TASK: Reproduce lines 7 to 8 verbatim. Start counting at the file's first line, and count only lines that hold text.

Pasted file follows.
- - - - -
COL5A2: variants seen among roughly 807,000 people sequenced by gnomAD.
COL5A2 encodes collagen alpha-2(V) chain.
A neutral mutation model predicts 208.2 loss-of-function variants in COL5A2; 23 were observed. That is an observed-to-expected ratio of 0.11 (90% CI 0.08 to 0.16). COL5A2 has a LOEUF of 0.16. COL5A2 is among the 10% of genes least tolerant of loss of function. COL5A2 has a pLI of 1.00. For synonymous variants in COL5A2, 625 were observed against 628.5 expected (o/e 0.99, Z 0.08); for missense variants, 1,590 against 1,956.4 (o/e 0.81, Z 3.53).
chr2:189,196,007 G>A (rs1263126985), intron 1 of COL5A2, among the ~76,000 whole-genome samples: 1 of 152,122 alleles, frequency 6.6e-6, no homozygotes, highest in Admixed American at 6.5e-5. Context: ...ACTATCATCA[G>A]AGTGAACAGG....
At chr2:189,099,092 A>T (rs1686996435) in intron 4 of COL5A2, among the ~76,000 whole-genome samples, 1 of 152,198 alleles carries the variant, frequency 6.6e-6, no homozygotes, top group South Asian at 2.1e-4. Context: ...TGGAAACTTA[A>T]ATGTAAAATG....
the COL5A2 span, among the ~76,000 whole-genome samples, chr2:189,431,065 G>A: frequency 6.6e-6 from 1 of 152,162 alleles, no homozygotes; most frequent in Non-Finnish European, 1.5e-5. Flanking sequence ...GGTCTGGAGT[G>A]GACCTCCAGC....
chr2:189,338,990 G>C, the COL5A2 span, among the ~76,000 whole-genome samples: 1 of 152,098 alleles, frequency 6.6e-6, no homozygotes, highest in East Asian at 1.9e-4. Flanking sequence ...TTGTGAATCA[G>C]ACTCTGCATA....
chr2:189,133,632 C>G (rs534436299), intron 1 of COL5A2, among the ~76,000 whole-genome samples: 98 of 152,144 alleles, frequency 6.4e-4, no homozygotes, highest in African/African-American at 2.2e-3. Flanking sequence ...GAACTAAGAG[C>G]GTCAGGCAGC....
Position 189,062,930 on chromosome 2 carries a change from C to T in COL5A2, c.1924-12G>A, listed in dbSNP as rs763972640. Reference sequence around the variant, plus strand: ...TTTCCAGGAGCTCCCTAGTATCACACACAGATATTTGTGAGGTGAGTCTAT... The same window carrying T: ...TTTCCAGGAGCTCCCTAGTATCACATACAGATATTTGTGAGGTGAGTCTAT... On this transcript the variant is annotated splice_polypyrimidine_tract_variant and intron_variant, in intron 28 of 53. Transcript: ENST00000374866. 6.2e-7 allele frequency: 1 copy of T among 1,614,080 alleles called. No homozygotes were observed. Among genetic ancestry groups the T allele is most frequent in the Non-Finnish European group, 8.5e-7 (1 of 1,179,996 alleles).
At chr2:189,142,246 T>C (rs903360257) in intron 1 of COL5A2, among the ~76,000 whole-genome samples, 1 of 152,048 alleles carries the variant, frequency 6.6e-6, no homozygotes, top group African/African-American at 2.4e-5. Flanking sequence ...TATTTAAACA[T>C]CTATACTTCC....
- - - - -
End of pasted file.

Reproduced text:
chr2:189,338,990 G>C, the COL5A2 span, among the ~76,000 whole-genome samples: 1 of 152,098 alleles, frequency 6.6e-6, no homozygotes, highest in East Asian at 1.9e-4. Flanking sequence ...TTGTGAATCA[G>C]ACTCTGCATA....
chr2:189,133,632 C>G (rs534436299), intron 1 of COL5A2, among the ~76,000 whole-genome samples: 98 of 152,144 alleles, frequency 6.4e-4, no homozygotes, highest in African/African-American at 2.2e-3. Flanking sequence ...GAACTAAGAG[C>G]GTCAGGCAGC....